However, I would not recommend withdrawing from your 401k or IRa anyway, that money grows and has the benefit of being tax-deferred. Your retirement fund will most likely grow at a higher rate than your student loan interest -- short story - you will make money by keeping your retirement money where it is. Plus, why would you want to use up your future nest egg&gt;

    -bonnie
     
  12. CASPA

    CASPA New Member

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    A 401(k) or a "qualified plan" will have the penalty. An IRA will not for educational purposes. I work for a financial institution and we go over this question almost everyday. But I copied what the IRS has stated from their website for clarification...

    There are certain exceptions to this penalty. The following five exceptions apply to distributions from any qualified retirement plan:

    Distributions made to your beneficiary or estate on or after your death.
    Distributions made because you are totally and permanently disabled.
    Distributions made as part of a series of substantially equal periodic payments over the life expectancy of the owner or life expectancies of the owner and the beneficiary. If these distributions are from a qualified plan other than an IRA, you must separate from service with this employer before the payments begin for this exception to apply.
    Distributions that are equal to or less than your deductible medical expenses, that is, the amount of your medical expenses that is more than 7.5% of your adjusted gross income. You do not have to itemize to meet this exception. For more information on medical expenses, select Tax Topic 502.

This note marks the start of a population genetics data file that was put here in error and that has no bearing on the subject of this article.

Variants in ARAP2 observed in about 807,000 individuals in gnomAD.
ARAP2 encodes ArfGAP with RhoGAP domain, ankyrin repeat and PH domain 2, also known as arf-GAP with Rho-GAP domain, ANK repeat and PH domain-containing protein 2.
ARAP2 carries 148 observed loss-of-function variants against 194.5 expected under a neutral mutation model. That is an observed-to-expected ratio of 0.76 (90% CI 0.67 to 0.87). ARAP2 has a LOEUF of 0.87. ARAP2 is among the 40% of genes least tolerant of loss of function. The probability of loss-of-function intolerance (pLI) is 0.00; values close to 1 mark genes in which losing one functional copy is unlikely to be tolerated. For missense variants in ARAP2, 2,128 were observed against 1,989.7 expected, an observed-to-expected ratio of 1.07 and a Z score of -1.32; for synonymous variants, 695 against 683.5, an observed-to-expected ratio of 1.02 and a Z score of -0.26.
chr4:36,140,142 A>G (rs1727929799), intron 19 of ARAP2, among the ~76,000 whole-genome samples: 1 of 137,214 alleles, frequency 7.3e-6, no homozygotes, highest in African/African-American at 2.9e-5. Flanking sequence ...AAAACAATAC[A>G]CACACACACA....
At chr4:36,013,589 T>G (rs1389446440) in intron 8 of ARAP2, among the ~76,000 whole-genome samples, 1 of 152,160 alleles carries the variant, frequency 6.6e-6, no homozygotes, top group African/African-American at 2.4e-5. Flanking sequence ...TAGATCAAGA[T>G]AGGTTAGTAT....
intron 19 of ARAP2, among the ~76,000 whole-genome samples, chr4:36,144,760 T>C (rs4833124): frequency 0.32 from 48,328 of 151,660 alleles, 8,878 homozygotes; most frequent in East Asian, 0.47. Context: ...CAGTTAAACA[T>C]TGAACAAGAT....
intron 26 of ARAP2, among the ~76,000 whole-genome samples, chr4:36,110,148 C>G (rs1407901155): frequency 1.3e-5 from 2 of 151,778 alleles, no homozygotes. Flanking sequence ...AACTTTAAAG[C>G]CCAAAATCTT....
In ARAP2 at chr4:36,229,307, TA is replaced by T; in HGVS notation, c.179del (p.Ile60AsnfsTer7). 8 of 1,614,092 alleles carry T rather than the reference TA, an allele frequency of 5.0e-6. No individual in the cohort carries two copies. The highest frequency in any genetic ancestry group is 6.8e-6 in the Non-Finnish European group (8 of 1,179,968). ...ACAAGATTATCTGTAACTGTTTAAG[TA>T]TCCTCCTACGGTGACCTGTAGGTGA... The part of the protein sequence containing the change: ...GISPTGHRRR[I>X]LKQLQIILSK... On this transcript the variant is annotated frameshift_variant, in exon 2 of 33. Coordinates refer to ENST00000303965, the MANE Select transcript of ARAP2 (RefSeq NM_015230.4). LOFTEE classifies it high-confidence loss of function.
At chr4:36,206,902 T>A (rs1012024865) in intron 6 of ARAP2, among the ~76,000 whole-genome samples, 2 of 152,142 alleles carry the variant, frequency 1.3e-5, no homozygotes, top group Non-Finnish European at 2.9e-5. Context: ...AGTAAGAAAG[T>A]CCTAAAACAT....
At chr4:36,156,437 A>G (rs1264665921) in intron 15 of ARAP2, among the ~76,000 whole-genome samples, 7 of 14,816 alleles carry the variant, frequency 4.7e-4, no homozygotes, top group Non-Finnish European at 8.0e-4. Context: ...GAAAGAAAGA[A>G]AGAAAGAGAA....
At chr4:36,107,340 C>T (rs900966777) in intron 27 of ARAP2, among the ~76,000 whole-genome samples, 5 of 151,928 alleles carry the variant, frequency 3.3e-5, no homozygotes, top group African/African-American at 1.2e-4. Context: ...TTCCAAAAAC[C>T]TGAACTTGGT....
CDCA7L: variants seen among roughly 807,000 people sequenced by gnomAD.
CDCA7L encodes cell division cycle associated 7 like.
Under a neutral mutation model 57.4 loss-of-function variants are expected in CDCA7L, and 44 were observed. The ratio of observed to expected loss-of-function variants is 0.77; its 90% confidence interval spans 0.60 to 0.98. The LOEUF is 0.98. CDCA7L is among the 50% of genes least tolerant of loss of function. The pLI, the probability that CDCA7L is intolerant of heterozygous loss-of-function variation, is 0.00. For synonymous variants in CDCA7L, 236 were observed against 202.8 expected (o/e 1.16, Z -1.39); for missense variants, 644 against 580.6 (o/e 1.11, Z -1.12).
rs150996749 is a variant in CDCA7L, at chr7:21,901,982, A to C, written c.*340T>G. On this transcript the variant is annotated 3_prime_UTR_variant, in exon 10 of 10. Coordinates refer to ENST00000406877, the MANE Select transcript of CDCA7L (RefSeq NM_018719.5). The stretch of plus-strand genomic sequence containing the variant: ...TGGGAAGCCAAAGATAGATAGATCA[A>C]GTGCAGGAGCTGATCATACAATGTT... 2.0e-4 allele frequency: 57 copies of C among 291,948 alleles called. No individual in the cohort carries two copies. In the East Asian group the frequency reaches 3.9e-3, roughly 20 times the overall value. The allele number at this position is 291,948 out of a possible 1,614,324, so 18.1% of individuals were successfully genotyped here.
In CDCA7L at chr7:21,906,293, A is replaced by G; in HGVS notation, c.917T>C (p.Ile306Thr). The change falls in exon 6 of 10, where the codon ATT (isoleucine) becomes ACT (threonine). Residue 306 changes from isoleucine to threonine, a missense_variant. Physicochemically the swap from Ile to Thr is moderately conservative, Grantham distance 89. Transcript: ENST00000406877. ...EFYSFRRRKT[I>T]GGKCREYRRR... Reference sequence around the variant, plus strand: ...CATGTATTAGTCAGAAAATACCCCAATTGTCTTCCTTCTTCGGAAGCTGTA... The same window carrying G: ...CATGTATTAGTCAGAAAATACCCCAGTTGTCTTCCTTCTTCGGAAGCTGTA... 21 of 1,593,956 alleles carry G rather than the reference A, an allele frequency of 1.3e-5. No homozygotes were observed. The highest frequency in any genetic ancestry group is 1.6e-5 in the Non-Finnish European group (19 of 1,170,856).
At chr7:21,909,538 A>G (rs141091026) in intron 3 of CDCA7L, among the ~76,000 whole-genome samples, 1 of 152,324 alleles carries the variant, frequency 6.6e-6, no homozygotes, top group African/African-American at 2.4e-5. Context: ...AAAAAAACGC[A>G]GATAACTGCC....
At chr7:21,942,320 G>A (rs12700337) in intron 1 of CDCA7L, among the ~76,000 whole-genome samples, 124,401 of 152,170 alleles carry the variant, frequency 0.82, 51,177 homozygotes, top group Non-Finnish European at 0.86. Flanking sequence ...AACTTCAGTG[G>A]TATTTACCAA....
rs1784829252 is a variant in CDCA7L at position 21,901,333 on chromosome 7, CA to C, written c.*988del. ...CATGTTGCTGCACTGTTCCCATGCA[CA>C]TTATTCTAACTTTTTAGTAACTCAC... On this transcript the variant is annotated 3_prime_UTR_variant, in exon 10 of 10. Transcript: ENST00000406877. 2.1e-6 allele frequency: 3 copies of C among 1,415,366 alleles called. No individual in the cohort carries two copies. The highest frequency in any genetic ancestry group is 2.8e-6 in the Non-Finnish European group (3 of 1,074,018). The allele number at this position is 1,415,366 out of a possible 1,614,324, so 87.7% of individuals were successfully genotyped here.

Distributions made due to an IRS levy of the plan.

    The following additional exceptions apply only to distributions from a qualified retirement plan other than an IRA:

    Distributions made to you after you separated from service with your employer, if the separation occurred in or after the year you reached age 55,
    Distributions made to an alternate payee under a qualified domestic relations order, and
    Distributions of dividends from employee stock ownership plans.

    The following exceptions apply only to distributions from IRAs:

    Distributions equal to or less than your qualified higher education expenses,
    Distributions made to pay for a first?time home purchase, and
    Distributions made to pay health insurance premiums if you are unemployed.
     
  13. missbonnie

    missbonnie floating
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    Caspa-

    You are probably right. I thought I read you could withdraw from 401 for educational expense. Must've mixed it up with IRA. Hmm, now I have some thinking to do.